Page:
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15 Cards in this Set

  • Front
  • Back
Gibberellic Acid
seed germination, bud germination, stem elongation, flowering/fruiting
Apical dominance, phototropism, stem/cell elongation, gravitropism
promote cell division and lateral bud outgrowth, inhibit leaf senescence
Steroid hormone
Supports growth of xylem
Supports elongation of stems and pollen tubes
Inhibits leaf abscission
Abscisic acid
– Inhibits growth/stem elongation
– Supports seed dormancy
– Inhibits seed germination
–Closure of stomata in response to water
– Promotes fruit ripening
– Promotes leaf abscission
– Promotes senescence
– Inhibits stem elongation
– Inhibits gravitropism
Hormones that Respond to Tissue Damage and Trigger
Plant Defenses
• oligosaccharins
• jasmonates
• systemin
• salicylic acid
Phytochemical repel herbivores/microbes
– Oils from variety of herbs & spices repel insects
– Pine sap inhibits insect pests (e.g., bark beetles)
– Tannins & resins concentrate in heartwood of trees to prevent
insect & microbial infestation and rotting
– Many alkaloids (e.g., caffeine, nicotine, morphine, and cocaine)
repel herbivores & microbes
Barriers to Entry:
• Cuticle: matrix of cross-linked
lipid molecules impregnated with extremely
long-chained lipids
• Spines, thorns, & prickles
• Occurs in chloroplasts in green plant tissues
• Leaf parenchyma cells contain 40-50 chloroplasts
• Chlorophyll pigments in plants
• convert energy from sunlight to chemical energy in the form
of ATP & NADPH (an electron carrier)
• Carotenoids (carotene and xanthophylls): absorb
wavelengths of light that are not absorbed by chlorophyll and
extend the range of wavelengths that can drive photosynthesis
6CO2 + 12H2O + light energy =>
C6H12O6 (glucose) + 6O2 + 6H2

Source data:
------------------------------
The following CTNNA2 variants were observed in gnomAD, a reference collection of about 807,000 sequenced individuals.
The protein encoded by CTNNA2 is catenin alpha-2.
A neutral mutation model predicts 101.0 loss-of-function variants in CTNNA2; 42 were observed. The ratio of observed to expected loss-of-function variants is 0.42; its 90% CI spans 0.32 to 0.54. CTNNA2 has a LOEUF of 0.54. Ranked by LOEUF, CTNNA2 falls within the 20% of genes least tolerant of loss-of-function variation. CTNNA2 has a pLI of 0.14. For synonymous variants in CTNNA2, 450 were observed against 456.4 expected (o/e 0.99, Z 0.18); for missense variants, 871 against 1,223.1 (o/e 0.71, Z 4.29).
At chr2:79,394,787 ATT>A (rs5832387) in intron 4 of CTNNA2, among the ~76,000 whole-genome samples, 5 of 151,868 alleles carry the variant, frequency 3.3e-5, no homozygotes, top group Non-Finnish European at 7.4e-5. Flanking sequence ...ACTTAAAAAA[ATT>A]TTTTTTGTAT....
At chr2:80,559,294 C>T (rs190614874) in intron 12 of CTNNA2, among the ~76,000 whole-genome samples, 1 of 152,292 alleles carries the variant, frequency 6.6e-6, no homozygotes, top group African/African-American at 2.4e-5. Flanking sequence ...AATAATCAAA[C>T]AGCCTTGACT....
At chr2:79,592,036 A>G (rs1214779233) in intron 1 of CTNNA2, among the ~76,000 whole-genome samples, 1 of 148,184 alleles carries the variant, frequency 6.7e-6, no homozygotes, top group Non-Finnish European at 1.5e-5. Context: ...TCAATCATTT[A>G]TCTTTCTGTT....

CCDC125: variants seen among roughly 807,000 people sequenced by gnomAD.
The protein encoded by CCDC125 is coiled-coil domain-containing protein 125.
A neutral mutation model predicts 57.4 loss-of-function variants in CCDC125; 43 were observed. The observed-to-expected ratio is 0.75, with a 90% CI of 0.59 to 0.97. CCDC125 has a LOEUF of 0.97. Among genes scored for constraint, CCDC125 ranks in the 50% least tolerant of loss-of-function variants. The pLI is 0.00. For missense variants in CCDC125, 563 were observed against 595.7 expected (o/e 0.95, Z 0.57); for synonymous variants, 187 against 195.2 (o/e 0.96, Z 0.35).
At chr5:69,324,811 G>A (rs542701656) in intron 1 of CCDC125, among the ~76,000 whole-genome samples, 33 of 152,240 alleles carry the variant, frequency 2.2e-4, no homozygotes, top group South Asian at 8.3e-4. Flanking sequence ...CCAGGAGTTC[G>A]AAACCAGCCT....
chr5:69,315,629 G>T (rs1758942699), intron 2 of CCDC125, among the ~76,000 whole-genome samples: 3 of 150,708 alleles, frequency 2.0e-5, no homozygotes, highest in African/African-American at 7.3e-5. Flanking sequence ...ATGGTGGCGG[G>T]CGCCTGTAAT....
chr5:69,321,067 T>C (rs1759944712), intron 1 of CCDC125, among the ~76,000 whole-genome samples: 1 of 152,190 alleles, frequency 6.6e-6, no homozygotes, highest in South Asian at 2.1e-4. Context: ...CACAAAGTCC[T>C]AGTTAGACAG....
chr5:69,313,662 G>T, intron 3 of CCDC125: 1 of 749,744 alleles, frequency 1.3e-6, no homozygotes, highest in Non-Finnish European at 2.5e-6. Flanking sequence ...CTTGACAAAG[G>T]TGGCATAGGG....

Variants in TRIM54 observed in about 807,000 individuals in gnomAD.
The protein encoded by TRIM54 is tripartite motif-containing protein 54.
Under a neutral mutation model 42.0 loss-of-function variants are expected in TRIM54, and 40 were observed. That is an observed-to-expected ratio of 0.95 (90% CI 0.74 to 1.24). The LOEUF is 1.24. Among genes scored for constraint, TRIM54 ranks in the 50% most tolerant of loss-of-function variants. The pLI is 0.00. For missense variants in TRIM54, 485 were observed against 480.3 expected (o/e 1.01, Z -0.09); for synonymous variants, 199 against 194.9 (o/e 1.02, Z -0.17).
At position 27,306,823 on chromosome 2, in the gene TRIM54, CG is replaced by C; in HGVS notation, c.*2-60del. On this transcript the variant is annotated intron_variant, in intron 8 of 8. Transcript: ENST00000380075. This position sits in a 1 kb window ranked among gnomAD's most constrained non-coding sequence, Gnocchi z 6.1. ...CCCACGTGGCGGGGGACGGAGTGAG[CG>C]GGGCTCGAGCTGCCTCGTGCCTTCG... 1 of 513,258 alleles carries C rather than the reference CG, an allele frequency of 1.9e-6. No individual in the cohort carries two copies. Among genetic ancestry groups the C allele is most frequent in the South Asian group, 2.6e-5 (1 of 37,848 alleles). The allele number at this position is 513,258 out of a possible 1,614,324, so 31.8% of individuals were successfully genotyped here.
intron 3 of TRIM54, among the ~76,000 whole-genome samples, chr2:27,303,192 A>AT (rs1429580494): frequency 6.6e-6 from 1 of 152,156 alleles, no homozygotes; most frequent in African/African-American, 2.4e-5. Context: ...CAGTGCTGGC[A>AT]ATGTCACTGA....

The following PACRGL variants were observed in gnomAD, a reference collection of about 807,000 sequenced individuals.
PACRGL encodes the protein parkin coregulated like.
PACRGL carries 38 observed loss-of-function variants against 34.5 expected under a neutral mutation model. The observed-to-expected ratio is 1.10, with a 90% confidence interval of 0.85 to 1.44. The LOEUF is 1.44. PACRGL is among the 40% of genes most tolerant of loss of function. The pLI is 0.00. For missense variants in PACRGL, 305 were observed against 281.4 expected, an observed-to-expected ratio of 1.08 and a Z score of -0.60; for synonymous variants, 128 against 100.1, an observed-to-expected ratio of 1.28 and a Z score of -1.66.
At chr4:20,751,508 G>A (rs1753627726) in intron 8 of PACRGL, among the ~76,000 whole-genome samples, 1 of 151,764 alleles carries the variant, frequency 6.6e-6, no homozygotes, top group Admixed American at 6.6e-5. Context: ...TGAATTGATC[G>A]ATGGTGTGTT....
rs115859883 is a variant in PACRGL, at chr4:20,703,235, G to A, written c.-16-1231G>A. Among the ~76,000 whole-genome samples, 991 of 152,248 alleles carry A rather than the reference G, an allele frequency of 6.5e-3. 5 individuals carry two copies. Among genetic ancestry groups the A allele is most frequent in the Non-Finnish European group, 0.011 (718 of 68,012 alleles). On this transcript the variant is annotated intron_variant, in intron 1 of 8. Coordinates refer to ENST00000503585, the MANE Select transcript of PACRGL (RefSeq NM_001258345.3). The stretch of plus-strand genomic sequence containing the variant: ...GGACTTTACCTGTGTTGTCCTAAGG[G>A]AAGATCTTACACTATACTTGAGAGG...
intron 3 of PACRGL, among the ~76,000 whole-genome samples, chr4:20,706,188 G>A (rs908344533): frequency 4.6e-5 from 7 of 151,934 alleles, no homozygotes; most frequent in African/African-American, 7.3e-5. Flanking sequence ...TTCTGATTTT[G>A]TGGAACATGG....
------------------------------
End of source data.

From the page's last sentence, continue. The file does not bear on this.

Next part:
Gas exchange
between atmosphere and plant via
stomata in leaves
Stoma (stomata plural): guard cells & pores
Guard cells: pair of bean-shaped cells
Pore: opening between guard cells
Gas exchange between atmosphere & plant
via stomata in leaves
• O2 produced by plant released out of stomata pores into
atmosphere where it is available for humans & animals to
• H2O released out of the pores via evapo-transpiration
• in some species (e.g., coastal redwoods & Douglas Firs) during
high fog conditions, H2O can be absorbed from the air into the
leaf through the stomata pores to provide H2O for the plant
• During photosynthesis when CO2 levels within leaf fall below
optimal levels, the stomata open & CO2 diffuses in from
Sugar produced by photosynthetic organisms => fuels cellular respiration and growth of plant
• sugars are typically stored in the form of starch (long
chains of glucose molecules)
• transported in the form of the disaccharide, sucrose
(glucose attached to fructose) or monosaccharide
(glucose or fructose)
Plant Pigments & Photosynthesis
–Carotenes (e.g., beta-carotene in carrots; lycopene in tomatoes)
–Xanthophylls (e.g, zeaxanthin which gives corn yellow color)
Carotenoids in chloroplasts
–extend range of wavelengths that drive photosynthesis
–Protect chlorophyll by acting as anti-oxidant and destroy free radicals that damage the chlorophyll molecules beta-carotene also works a beneficial antioxidant
in humans)
During most of year the carotenoids are not visible in the leaves because the
chlorophyll pigments cover them up. In fall, as the deciduous leaves are
beginning to die, chlorophyll degenerates and the red, orange, and yellow
carotenoids become visible